Dr. Henry Aaron Hill (1915 – 1979)
The Henry A. Hill Award for Outstanding Service to the Northeastern Section is awarded annually to a member, to a former member, or in memory of a deceased member or former member of the Section who has made outstanding contributions to the Section’s programs and activities.The award is comprised of a plaque and a scroll suitably engraved with an appropriate citation. It is awarded annually at a regular meeting of the Northeastern Section unless otherwise specified by the Board of Directors.
About Henry A. Hill
Henry Hill was a native of St. Joseph, Missouri. He was a graduate of Johnson C. Smith University in North Carolina and received a doctorate degree from Massachusetts Institute of Technology (MIT) in 1942. He began a professional career in industrial chemistry in that same year, with the North Atlantic Research Corporation in Newtonville, Massachusetts. He eventually rose to become vice-president, while continuing to conduct research and development on water-based plants, fire-fighting foam, and several types of synthetic rubber. After leaving North Atlantic Research, he worked as a group leader in the research laboratories of the Dewey and Almy Chemical Company before starting his own entrepreneurial venture—National Polychemicals in 1952. Ten years later he founded Riverside Research Laboratories in Cambridge, Massachusetts. The firm offered research, development and consulting services in resins, rubbers, textiles, and polymer reduction. Riverside Research Laboratory introduced four successful commercial enterprises, including its own manufacturing affiliate. Dr. Hill, was appointed by President Lydon Johnson to the National Commission on Product Safety and became active in research and testing programs in the fields of product flammability and product safety.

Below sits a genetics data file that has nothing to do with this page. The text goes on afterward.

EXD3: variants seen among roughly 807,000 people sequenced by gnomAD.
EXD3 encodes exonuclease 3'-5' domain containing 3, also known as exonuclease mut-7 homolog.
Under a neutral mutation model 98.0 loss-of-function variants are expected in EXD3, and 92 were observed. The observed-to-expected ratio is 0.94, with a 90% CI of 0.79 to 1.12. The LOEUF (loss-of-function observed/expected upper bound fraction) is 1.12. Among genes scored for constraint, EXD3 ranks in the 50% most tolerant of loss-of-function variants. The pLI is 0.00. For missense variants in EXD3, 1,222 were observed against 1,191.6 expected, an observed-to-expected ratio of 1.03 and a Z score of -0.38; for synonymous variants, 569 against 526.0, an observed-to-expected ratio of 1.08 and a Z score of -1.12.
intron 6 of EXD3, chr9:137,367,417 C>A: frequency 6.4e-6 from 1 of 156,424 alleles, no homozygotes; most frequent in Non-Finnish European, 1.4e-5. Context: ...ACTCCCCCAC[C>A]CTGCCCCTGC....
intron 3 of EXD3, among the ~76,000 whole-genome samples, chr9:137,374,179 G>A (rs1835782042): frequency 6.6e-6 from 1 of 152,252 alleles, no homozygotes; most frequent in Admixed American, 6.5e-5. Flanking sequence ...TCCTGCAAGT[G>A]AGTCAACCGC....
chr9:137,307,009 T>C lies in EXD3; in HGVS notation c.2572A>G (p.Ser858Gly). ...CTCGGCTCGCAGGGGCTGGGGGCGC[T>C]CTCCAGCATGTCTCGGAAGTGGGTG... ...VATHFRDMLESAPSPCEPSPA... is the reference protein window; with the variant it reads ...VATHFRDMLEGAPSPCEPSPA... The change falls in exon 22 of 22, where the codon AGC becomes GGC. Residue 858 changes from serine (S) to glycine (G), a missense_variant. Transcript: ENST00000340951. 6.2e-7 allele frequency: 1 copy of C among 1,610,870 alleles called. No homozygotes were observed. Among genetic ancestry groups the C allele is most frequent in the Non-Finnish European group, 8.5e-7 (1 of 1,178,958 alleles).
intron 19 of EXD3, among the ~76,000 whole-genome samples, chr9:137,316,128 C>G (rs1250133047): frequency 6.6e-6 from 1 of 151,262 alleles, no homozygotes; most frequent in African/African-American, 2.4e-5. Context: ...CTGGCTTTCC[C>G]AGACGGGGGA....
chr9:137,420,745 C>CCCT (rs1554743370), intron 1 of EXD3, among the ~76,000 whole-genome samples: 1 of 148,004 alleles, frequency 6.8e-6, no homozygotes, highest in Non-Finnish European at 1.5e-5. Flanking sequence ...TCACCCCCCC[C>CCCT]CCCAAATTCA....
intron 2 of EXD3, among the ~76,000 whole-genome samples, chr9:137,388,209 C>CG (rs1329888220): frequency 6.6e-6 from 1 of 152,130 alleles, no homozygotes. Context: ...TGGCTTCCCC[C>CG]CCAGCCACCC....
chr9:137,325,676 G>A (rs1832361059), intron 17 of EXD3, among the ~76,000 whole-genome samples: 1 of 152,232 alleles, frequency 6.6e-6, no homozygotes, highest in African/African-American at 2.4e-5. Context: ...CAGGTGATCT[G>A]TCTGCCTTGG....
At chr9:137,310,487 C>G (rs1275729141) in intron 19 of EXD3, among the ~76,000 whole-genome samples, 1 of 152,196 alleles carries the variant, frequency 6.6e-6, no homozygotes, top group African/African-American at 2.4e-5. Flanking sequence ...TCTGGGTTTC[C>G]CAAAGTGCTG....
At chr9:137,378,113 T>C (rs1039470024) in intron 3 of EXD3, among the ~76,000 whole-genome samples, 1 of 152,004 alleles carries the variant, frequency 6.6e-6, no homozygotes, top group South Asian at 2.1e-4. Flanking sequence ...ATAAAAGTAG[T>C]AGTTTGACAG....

The ACS was always very close to Dr. Hill’s heart. His active career with the ACS began in the middle 1950s in the Northeastern Section. Dr. Hill served on various Northeastern Section committees, became a councilor in 1961, and was Chairman of the Section in 1963. He served the ACS in important national positions including secretary and chairman of the Professional Relations Committee, ACS Council, Policy Committee, Board of Directors and then ultimately serving as president in 1977. Dr. Henry Hill was the first African American to become president of the American Chemical Society.
He made an especially significant impact in professional policy by pioneering establishment of a set of guidelines defining acceptable behavior for employers in their professional relations with chemists and chemical engineers. This effort resulted in the ACS landmark document entitled “Professional Employment Guidelines.”
Jack Driscoll receives the 2021 Henry A. Hill Award
The 2021 Henry A. Hill Award for Conspicuous Service to the Northeastern Section of the American Chemical Society was awarded to Jack Driscoll as announced by NESACS Chair Raj (SB) Rajur and the Henry A. Hill Award Committee.
Jack Driscoll attended Franklin Institute, Suffolk University, Boston University and Northeastern University. He is a physical chemist and a successful serial chemical entrepreneur: Founder of HNU Systems, HNU Nordion, PID Analyzers, Nova Biomedical and Sanvista Medical, whose innovations have earned him five IR100 awards and one R&D100 award.